CHAPTER VII. SUEZ TO ADEN.
* * * * *
Travellers assembling at Suez - Remarks on the Pasha's
Government - Embarkation on the Steamer - Miserable accommodation in the
Berenice, and awkwardness of the attendants - Government Ships not
adapted to carry Passengers - Cause of the miserable state of the Red
Sea Steamers - Shores of the Red Sea - Arrival at Mocha - Its appearance
from the Sea - Arrival at Aden - Its wild and rocky appearance on
landing - Cape Aden - The Town - Singular appearance of the Houses - The
Garrison expecting an attack by the Arabs - Discontent of the
Servants of Europeans at Aden - Complaints by Anglo-Indians against
Servants - Causes - Little to interest Europeans in Aden.
Amongst the travellers who came dropping in at the hotel, was the Portuguese governor of Goa and his suite, consisting of four gentlemen, the private and public secretaries, an aide-de-camp, and the fourth holding some other appointment. They came by the French steamer, which had left Marseilles on the day of our departure. The governor, a fine old soldier, and a perfect gentleman, proved a great acquisition to our party; and knowing the state of Goa, and the disappointment he would in all probability sustain upon arriving at the seat of his government in the present low condition to which it is reduced, we could not help feeling much interested in his welfare. This gentleman, who inherited the title of baron, and was moreover an old general officer, had mixed in the very best society, and was evidently well acquainted with courts and camps; he spoke several languages, and in the course of his travels had visited England. His retinue were quiet gentlemanly men, and the young aide-de-camp, in particular, made himself very agreeable.
There were two other travellers of some note at Suez, who had put up at Hill's Hotel; one, an American gentleman, who had come across the desert for the purpose of looking at the Red Sea. I saw him mounted upon a donkey, and gazing as he stood upon the shore at the bright but narrow channel, so interesting to all who have read the history of the Israelites, with reverential feelings. I felt a strong inclination to accost him; but refrained, being unwilling to disturb his reveries with what he might have thought an impertinent interruption. It was evidently a last look, for he was veiled for the journey, and at length, tearing himself away, he turned his donkey's head, and struck into the desert. The other traveller was a young Scotsman, who proposed to go as far as Aden in the Berenice, on his way to Abyssinia, trusting that a residence of some months in Egypt would enable him to pass for a Turk. He had no very precise object in view, but intended to make an attempt to explore the sources of the Nile.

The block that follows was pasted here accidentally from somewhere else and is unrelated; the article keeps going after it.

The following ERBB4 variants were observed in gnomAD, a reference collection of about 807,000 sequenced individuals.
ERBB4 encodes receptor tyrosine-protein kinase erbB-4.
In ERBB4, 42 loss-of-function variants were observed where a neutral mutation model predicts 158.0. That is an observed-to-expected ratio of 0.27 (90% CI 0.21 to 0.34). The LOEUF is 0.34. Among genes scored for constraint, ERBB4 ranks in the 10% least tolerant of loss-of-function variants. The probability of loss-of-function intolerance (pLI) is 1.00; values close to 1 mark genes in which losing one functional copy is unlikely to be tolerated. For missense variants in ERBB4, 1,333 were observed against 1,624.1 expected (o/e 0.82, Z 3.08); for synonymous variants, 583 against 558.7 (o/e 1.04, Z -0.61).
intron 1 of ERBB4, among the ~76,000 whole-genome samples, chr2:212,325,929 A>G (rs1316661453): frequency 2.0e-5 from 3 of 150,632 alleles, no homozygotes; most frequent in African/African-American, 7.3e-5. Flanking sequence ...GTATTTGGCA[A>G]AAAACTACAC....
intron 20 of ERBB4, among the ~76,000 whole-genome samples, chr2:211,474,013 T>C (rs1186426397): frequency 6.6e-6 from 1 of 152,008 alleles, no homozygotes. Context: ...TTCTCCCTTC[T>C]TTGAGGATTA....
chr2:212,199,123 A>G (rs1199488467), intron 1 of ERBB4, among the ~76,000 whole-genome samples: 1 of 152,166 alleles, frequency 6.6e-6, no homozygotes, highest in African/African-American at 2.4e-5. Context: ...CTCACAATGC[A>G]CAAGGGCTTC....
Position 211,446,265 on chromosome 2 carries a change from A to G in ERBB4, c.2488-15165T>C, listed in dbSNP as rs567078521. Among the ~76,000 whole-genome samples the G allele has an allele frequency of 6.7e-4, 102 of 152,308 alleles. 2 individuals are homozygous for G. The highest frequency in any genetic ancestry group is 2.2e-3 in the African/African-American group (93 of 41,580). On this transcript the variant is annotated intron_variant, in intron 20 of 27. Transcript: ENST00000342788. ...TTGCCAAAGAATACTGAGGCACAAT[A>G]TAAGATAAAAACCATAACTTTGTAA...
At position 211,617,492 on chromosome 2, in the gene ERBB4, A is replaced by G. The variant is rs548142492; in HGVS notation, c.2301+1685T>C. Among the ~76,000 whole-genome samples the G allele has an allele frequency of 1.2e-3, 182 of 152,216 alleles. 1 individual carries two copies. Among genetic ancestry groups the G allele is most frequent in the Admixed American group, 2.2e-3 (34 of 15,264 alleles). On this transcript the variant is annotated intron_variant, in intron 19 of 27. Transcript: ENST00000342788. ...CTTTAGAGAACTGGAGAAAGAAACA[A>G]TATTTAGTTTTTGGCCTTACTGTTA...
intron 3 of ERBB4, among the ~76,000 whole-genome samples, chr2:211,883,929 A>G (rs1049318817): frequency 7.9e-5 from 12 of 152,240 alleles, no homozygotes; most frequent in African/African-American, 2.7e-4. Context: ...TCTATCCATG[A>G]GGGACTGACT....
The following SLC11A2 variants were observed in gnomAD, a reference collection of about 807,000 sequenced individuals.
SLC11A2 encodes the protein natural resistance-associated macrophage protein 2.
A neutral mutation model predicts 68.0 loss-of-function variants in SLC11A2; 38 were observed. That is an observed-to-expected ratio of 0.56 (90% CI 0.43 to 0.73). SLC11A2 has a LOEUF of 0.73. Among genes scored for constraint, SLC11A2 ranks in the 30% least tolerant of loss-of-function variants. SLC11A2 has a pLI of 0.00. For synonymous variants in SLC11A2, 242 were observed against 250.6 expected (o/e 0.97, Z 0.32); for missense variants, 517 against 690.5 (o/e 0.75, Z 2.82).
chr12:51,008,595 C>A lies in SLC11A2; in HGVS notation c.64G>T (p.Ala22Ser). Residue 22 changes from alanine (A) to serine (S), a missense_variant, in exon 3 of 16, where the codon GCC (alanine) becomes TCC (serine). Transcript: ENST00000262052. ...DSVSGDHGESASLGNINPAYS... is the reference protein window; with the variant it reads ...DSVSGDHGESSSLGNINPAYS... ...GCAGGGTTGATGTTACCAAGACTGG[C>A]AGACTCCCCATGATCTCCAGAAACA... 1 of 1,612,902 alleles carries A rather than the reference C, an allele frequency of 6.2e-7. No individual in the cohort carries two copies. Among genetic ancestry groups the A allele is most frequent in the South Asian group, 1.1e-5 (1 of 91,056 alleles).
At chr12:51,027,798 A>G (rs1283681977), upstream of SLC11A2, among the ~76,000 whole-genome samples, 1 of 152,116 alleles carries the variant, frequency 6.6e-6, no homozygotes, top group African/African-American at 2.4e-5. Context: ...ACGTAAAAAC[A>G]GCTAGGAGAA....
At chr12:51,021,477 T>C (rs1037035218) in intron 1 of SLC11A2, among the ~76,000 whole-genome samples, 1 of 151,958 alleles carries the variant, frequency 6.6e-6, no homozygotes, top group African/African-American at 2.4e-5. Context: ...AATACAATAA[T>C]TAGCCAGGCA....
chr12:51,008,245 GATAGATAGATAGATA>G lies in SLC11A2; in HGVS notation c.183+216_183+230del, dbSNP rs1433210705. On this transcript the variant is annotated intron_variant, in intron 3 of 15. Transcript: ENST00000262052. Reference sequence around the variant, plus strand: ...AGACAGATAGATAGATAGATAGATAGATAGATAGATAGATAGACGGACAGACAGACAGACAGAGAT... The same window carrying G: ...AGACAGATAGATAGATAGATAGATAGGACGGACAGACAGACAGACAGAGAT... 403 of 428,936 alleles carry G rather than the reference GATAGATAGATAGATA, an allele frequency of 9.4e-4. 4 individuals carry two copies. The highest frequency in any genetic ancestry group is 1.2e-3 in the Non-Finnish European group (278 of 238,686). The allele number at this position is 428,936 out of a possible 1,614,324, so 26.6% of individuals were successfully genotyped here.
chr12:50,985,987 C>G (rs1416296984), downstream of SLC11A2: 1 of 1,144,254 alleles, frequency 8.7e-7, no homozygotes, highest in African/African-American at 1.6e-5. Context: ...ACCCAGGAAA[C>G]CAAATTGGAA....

There was nothing in Suez that could make a longer stay desirable, and we quitted it without regret. My journey through Egypt had been much too rapid for me to presume to give any decided opinion concerning the strongly agitated question respecting the merits of the Pasha's government. It is very evident that he has not learned the most instructive lesson of political economy, nor has yet understood that the way to render himself powerful is to make his subjects rich; nevertheless, though his exactions and monopolies may be felt at present as very serious evils, yet, in establishing manufactories, and in embodying a national force, there can be no doubt that he has sown the seeds of much that is good; and should his government, after his death, fall into the hands of people equally free from religious prejudices, we may reasonably hope that they will entertain more enlarged and liberal views, and thus render measures, now difficult to bear, of incalculable advantage to the future prosperity of the country.
The British Consul politely offered to conduct myself and my female friends on board the steamer; he accordingly called for us, and I bade, as I hoped, a last adieu to Suez, it being my wish and intention to return home by way of Cosseir. Previous to our embarkation, a series of regulations had been placed in our hands for the engagement of passages in the Honourable Company's armed steamers, with instructions to passengers, &c.